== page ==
Thursday, January 31, 2013

Cloud Security Concerns Are Dead...

Charles VI the Mad
Cloud Security Concerns Are Dead! Long Live Cloud Security Concerns!

By Randy Davis, VP Sales & Marketing Operations

Way back in 1422, seventy years before the discovery of America by Columbus, the French king, Charles VI, died. Upon his passing, the phrase Le Roi est mort, vive le Roi! was pronounced to indicate the immediate and unbroken transition of sovereignty from the dead king to the new king, Charles VII. The saying, "The King is dead, long live the king," was so powerful that it has been borrowed by other royalist nations to note the transfer of rule from a newly deceased monarch to the living one.

However, the saying did not assume that the manners, customs, priorities, principles or laws of rule would remain the same. The new monarch had, let us say, flexibility. Even so, the past is not easily resisted.

It's the idea of continuity that interests me as we transition from the perception that (at least for many IT practitioners) concerns over cloud security still reign supreme, to the idea that (for others) those concerns belong to the previous regime, and it's time to move on to less resolved matters such as how to make sense out of big data. The questions before us are these: are security concerns about cloud-based storage and computing providers alive and well, or should such concerns be relegated to the past so that we can devote our resources to truly unresolved problems?

I think the answer is Yes... and Yes.

Perception Vs. Reality

The fact is security is still the top concern preventing the adoption of public clouds. Of the 27% of respondents to the InformationWeek 2012 Cloud Security and Risk Survey that have no plans to use public cloud services, almost half (48%) cite security concerns.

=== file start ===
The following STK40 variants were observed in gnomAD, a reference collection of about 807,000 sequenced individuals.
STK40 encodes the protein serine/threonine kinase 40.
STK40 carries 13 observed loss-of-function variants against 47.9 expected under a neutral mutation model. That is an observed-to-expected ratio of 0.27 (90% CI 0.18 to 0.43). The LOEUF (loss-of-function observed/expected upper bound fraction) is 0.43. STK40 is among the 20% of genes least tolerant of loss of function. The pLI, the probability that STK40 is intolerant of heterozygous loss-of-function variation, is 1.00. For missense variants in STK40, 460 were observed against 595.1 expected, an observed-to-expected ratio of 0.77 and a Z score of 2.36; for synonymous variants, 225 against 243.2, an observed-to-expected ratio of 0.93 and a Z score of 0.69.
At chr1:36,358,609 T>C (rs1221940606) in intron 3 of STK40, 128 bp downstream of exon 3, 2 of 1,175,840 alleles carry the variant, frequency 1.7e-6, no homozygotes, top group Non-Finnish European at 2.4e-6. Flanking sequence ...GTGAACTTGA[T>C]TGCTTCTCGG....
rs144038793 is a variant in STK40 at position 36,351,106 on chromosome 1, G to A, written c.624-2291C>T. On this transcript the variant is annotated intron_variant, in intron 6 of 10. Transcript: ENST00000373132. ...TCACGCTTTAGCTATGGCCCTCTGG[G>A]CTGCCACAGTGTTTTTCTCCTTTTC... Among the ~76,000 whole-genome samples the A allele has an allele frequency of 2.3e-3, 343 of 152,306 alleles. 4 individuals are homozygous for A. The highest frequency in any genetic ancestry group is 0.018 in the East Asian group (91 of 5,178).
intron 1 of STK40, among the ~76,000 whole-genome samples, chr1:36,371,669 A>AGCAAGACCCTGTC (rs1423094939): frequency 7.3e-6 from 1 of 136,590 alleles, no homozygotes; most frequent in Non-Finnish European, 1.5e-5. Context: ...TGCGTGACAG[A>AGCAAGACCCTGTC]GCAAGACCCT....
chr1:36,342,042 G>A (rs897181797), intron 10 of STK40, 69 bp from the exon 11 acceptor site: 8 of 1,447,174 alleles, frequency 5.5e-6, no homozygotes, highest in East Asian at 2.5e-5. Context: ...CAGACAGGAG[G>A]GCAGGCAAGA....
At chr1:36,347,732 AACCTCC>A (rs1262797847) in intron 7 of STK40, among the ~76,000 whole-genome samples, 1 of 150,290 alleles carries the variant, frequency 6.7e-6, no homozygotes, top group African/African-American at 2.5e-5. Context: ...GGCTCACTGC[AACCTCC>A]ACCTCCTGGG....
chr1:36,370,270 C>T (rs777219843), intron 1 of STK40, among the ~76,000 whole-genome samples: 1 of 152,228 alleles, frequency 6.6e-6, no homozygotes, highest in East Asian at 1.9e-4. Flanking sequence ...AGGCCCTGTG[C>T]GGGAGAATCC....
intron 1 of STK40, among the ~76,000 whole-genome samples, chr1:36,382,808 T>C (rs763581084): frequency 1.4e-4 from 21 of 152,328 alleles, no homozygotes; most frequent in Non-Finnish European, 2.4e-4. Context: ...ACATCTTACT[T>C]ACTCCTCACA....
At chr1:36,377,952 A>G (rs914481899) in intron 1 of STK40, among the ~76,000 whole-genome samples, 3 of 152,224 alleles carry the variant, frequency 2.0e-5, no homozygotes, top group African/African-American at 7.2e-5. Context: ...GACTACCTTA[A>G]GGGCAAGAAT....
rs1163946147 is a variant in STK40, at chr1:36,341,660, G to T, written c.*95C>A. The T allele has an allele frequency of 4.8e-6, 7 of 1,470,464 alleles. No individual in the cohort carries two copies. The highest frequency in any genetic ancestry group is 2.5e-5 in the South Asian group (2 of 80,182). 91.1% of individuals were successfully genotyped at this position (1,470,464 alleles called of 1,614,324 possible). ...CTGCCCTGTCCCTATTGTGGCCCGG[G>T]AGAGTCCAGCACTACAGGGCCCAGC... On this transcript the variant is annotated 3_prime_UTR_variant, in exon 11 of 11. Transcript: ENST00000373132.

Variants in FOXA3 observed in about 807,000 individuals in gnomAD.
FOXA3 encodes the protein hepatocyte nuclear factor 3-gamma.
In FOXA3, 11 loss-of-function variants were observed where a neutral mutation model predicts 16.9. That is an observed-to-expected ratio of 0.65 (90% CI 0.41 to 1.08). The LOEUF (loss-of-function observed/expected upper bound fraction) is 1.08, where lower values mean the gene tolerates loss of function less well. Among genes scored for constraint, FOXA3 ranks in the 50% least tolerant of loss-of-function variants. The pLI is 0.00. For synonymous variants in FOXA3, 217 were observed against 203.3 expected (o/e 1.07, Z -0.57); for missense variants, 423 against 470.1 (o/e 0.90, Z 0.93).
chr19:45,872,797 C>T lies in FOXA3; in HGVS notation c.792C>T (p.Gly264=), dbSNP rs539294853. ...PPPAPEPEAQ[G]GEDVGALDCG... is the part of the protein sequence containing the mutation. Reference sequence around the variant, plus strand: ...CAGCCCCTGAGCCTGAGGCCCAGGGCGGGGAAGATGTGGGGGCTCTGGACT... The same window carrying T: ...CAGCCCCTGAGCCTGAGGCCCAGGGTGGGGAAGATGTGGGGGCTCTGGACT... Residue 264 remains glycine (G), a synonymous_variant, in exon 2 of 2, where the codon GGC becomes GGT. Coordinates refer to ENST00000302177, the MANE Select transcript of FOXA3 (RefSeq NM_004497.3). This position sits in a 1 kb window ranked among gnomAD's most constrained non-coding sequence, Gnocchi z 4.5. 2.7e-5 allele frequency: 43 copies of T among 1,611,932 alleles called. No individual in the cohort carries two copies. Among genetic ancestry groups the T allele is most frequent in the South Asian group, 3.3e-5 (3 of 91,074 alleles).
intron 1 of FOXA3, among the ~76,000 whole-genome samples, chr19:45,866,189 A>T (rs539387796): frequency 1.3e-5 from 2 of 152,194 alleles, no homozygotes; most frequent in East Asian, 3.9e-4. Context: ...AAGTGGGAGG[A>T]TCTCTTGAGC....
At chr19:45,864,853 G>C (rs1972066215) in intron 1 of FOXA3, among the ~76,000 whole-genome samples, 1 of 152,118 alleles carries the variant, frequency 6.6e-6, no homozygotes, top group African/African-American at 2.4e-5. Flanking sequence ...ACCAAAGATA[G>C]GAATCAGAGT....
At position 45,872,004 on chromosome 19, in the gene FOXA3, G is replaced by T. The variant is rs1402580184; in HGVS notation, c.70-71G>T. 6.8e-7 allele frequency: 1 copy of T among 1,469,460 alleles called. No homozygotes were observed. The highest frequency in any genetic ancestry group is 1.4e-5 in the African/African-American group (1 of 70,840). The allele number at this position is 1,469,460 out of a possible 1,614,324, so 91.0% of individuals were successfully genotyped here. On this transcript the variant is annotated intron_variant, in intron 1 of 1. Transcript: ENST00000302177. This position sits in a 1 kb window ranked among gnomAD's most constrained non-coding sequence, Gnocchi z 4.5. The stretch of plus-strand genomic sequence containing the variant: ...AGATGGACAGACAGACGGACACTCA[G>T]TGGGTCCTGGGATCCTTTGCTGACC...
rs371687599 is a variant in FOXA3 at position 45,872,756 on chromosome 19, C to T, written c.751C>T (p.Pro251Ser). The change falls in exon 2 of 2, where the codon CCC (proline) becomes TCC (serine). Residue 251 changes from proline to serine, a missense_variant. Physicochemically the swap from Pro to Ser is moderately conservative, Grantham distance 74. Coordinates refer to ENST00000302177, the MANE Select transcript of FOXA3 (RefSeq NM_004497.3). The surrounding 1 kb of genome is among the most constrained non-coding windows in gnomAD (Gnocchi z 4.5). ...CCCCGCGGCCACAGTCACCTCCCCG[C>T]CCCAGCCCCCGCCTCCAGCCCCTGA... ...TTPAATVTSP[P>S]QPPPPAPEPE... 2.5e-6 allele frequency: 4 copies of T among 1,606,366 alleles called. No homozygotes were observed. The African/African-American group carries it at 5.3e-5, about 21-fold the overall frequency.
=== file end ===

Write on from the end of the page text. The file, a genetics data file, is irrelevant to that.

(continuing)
In a recent Federal Computer Week cloud computing report sponsored by Brocade, the resistance to cloud computing was compared to that of opening a bank in the Wild West during the 1800's. In a time when people kept, protected and controlled their own money in their own "mattress safe," the idea of some newfangled bank providing those services seemed highly risky. Can the bank be trusted? How can I get to my money? What keeps someone from walking in and pretending he is me? What if the bank is robbed or fails? Over time, however, as people began to use banks to protect their money, banks proved trustworthy, and their use became ubiquitous.

Although the period of westward expansion in American history was a time of tension and uncertainty for frontier banks, most banks were more than capable of providing vaulted, secure financial services.

Still, many people were reluctant to give them their money, preferring to keep it under the mattress, and under their own control. The mattress model, however, proved to have the highest risk of all because of fire, flood, storm, accident, loss or theft.

For many IT managers and executives I think this illustrates where we are today as we transition from the on-premise, institutional, ad hoc "mattress" model of protecting information to the specialized cloud-based "bank" model. It is my conviction that, just as people have come to trust banks with their most valuable financial assets, they will inevitably come to trust specialized cloud-based providers with their most valuable information assets.

Actual Risk Vs. Perceived Risk

The dichotomy in opinion about security between those who use cloud storage and those who do not could not be better illustrated than by the following: when asked* if cloud storage improves data protection for disaster recovery, two-thirds of actual cloud storage users responded yes, while only one-quarter of those who do not use cloud storage responded the same way. Clearly the experience of actually using cloud storage services informs a different opinion of their efficacy.

For me, concerns about cloud security fall into two camps:
  1. Concerns that are legitimate and necessary and belong to any data protection scheme